Drains and Water Smell Bad? Here are Some Reasons Why
Does your water smell like rotten eggs? Is there a musty smell floating through your home? Do you dread going to the basement because of the bad smell coming from the plumbing down there?
While smelly plumbing problems are not fun to experience, they are usually temporary.
We’ve put together a list of the most likely reasons that your drains and water smell bad and what you can do about it.
When you use your plumbing fixtures, water flows through your pipes, along with a good dose of air to move smelly gases through.
When the ventilation is threatened because of blockage (usually from a rodent or bird nest, food scraps, plant or tree root intrusion) the flow stops through the pipe.
The gases still need a way to move out of the pipe, so they will generally redirect through your drains and into your home.
Rid yourself of that unwanted smell by making a habit of regular drain cleaning to eliminate any blockage.
Sewer Line Problems
If there is a sewer smell coming from outside your home, it may be the municipal sewer line.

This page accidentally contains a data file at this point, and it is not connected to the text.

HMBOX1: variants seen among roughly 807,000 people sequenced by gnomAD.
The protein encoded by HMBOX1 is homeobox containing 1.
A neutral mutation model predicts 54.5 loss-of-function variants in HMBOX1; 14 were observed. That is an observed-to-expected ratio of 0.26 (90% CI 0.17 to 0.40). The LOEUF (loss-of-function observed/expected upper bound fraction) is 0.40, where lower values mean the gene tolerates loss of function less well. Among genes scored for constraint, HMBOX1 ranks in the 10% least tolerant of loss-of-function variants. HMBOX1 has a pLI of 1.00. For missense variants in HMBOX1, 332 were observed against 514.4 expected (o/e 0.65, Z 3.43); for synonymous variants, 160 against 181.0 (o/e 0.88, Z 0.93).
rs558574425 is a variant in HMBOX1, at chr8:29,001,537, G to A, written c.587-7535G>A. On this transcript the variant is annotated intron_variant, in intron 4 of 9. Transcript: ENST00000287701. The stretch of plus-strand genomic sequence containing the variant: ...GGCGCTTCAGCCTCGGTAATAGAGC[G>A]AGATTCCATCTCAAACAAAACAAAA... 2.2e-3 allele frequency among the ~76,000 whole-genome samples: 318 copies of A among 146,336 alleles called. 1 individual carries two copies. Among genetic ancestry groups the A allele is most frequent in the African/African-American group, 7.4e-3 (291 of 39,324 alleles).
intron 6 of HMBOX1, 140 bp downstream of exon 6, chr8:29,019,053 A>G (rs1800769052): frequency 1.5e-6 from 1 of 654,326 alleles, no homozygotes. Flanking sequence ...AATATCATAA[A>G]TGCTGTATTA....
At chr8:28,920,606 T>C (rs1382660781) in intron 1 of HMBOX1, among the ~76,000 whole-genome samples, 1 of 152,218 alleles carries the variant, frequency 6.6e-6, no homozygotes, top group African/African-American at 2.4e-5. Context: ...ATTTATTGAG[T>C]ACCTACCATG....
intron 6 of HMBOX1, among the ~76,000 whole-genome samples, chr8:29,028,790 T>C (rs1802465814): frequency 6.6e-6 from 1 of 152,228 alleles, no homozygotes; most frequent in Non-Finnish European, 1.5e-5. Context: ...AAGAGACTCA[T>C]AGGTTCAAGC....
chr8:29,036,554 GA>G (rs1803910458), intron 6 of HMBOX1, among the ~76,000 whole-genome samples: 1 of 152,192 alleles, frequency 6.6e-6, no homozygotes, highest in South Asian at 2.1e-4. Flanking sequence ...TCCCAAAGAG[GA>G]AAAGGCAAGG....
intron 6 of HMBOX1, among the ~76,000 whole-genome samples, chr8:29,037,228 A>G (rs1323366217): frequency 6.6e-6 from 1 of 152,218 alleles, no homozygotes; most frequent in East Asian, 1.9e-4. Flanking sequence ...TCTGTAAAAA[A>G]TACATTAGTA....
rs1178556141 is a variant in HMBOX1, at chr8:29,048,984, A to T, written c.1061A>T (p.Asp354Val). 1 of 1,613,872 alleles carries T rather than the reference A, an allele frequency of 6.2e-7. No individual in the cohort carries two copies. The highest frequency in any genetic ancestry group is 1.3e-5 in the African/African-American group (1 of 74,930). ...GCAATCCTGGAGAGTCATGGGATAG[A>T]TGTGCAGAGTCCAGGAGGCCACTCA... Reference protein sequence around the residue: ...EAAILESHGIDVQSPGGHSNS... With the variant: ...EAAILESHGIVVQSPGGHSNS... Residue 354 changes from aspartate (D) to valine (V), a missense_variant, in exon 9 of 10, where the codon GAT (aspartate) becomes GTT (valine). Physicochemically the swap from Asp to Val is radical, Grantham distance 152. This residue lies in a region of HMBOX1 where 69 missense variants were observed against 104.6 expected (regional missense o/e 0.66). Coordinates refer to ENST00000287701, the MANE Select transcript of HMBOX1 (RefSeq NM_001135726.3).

If you smell a musty odor inside, particularly from your basement drains, it may be that the sewer line from your home is damaged and not transporting wastewater properly away from your home. Sewage could be pooling under your basement.
If you think this might be the case you are advised to get professional help ASAP. There is a possibility that the line could rupture and flood your home.
If your P-trap dries out, there is nothing standing between your drains and the smelly gases originating in the sewer.
The P-trap is the “P”-shaped bend attached to the piping, usually located on underneath sinks.
It works by filling with water and creating a cushion between the drain and the sewer gases. If the trap drains, then the smells will waft on through.
When’s the last time that you used the sink that is smelly? Running the water will probably remedy the problem.
Double check that the seal isn’t broken as well.
Water Heater Problems
It’s time to get acquainted with your water heater. There is a rod inside your heater (the anode rod) which prevents your tank from rust.
When this anode rod interacts with higher levels of anaerobic bacteria (which thrives in warm, moist environments like your water heater), then sulfuric gases are released. That is how the rotten egg smell is explained.
Don’t fret. Switching the anode rod is usually all that you need to do. It is not a bad idea to replace what you’ve got with an aluminum anode rod if you’d like.